Faculty and Staff

leev
Lee Vierling, Executive Director
Ph.D. Environmental Biology, University of Colorado; B.A. Geology, The Colorado College.
Throughout his career, Lee has been committed to making science accessible and relevant to K-12 and public audiences, including his creation of a nationwide NASA K-6 Earth System Science Curriculum program and developing programs that partner scientists with K-12 students and teachers. Lee is also an Associate Professor in the UI College of Natural Resources, with a primary research interest to understand connections that link ecosystem structure with ecological function using remote sensing techniques. He and his wife Kerri have two young daughters, and his hobbies include bike touring, music, swimming, alternative energy, and remodeling old things.
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Greg Fizzell
Greg Fizzell, Program Director
M.S. Forest Resources, University of Idaho; B.S. Forestry, University of Illinois, Urbana-Champaign, IL
Greg began his career in the environment by working as a field forester and biologist in Illinois, Oregon and Washington. In addition to trees, he has also studied neotropical migrant birds in the forests and on the prairie of Illinois and has tracked Northern Goshawks in the pine forests of central Oregon. In 2001, Greg co-founded the University of Idaho McCall Outdoor Science School (MOSS) along with Dr. Steve Hollenhorst. He enjoys cycling, skiing, fishing and watching college football.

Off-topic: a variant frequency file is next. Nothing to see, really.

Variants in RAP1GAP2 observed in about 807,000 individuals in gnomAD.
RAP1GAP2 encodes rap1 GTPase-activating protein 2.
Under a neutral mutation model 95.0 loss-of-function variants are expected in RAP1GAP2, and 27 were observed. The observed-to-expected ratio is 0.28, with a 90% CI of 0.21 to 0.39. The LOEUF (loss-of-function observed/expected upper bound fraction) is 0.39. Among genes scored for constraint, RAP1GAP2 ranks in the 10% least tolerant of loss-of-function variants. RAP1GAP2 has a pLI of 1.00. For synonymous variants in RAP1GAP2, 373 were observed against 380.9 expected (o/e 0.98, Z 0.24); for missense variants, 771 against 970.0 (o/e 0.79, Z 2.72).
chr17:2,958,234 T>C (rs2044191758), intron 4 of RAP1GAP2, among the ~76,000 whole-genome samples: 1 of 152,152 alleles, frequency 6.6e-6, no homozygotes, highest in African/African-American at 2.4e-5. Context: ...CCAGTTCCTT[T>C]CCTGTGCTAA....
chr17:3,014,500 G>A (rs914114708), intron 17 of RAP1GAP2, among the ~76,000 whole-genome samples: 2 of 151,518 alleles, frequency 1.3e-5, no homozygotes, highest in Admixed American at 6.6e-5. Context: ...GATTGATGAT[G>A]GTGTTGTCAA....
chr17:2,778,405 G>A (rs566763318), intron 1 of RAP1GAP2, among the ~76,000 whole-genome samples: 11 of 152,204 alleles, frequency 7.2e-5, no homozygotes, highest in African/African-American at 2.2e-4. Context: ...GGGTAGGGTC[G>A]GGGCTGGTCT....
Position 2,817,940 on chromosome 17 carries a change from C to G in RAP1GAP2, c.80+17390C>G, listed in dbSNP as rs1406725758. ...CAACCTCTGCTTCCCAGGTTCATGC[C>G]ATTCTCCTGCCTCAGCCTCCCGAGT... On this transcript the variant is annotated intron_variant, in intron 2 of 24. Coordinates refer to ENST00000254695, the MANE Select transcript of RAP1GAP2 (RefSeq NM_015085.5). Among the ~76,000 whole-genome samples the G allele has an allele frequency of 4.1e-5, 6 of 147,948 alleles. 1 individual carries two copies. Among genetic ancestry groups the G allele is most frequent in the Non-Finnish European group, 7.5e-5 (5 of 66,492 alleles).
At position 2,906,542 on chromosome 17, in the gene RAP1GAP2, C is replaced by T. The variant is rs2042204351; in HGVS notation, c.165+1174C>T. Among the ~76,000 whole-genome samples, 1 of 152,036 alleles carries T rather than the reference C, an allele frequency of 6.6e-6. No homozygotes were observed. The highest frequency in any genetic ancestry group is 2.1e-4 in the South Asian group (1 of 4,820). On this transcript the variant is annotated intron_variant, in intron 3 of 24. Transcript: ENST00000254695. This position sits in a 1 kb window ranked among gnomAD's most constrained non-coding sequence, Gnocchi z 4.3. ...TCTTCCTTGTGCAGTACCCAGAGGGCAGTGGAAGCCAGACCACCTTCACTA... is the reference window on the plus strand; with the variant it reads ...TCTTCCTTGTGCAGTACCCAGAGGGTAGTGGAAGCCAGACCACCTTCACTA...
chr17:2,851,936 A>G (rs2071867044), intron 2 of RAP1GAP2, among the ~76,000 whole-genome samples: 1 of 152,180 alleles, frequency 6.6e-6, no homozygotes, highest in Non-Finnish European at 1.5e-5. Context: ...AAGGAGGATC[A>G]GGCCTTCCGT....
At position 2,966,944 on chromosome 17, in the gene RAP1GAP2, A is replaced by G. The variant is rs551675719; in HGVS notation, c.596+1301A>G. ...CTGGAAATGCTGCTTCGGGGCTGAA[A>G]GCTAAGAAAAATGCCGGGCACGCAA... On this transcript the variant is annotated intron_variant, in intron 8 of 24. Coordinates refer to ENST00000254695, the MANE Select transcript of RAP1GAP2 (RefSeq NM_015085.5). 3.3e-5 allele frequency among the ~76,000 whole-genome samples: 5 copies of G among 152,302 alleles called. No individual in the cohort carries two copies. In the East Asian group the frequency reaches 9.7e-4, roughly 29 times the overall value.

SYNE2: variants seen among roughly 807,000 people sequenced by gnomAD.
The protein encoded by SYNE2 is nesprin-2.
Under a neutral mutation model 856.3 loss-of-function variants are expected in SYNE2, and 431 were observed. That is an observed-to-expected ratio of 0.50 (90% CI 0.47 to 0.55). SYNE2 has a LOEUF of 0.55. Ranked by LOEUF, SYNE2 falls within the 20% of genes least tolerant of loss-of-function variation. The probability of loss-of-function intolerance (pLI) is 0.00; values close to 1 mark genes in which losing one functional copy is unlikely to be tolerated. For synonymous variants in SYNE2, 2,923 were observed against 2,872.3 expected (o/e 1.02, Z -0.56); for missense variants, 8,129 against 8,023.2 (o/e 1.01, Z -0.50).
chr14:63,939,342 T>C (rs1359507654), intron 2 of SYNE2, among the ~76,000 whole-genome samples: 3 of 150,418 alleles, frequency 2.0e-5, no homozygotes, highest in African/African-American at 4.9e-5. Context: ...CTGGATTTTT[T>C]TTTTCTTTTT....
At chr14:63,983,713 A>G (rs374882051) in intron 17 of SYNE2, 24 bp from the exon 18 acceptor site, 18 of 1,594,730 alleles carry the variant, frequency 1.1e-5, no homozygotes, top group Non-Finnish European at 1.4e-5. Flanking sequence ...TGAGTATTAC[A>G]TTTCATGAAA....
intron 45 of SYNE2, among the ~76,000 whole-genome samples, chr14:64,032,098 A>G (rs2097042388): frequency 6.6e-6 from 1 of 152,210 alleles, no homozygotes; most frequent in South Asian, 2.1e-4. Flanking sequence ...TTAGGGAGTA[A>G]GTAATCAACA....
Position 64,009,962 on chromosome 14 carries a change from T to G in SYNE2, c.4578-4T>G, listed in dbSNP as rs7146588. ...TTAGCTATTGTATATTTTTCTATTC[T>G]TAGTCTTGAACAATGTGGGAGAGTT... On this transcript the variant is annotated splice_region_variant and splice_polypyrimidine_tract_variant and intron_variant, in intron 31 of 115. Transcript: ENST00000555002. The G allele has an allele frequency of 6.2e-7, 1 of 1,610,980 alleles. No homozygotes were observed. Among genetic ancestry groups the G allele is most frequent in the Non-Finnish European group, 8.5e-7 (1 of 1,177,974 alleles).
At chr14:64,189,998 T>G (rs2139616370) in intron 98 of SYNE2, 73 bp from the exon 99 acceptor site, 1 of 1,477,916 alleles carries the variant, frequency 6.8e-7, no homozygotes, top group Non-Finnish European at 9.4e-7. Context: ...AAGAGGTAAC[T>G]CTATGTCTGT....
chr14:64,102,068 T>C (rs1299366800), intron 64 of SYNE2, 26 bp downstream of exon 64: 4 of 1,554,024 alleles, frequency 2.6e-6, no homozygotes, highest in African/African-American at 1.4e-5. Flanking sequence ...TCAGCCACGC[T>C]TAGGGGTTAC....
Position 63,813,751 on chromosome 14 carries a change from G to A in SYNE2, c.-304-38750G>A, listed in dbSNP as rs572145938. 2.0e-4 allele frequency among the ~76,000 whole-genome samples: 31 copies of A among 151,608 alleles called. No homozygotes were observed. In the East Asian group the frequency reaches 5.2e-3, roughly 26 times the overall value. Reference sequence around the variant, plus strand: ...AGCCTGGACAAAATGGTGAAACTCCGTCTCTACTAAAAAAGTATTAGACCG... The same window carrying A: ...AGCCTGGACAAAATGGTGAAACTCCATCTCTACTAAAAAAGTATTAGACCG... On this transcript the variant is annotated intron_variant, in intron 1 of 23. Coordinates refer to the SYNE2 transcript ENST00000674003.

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Sacha Jackson
Sacha Jackson, Campus Manager and Registrar
Apicius: The Culinary Institute of Florence, Italy; National Outdoor Leadership School Graduate; B.S. Experiential Sports Psychology, Minors in Coaching and Health, Plymouth State College, Plymouth, New Hampshire.
Sacha grew up in Maine and followed the 45th parallel west to McCall in 2002. After a few years working as a behavior therapist, her sense of adventure took her abroad to study Italian cuisine. She initially joined the MOSS team as the dessert chef and then traded frosting for excel spreadsheets in the spring of 2007. Sacha enjoys cooking, dancing, river time, cheering for the New England Patriots and adventures with her friends & family.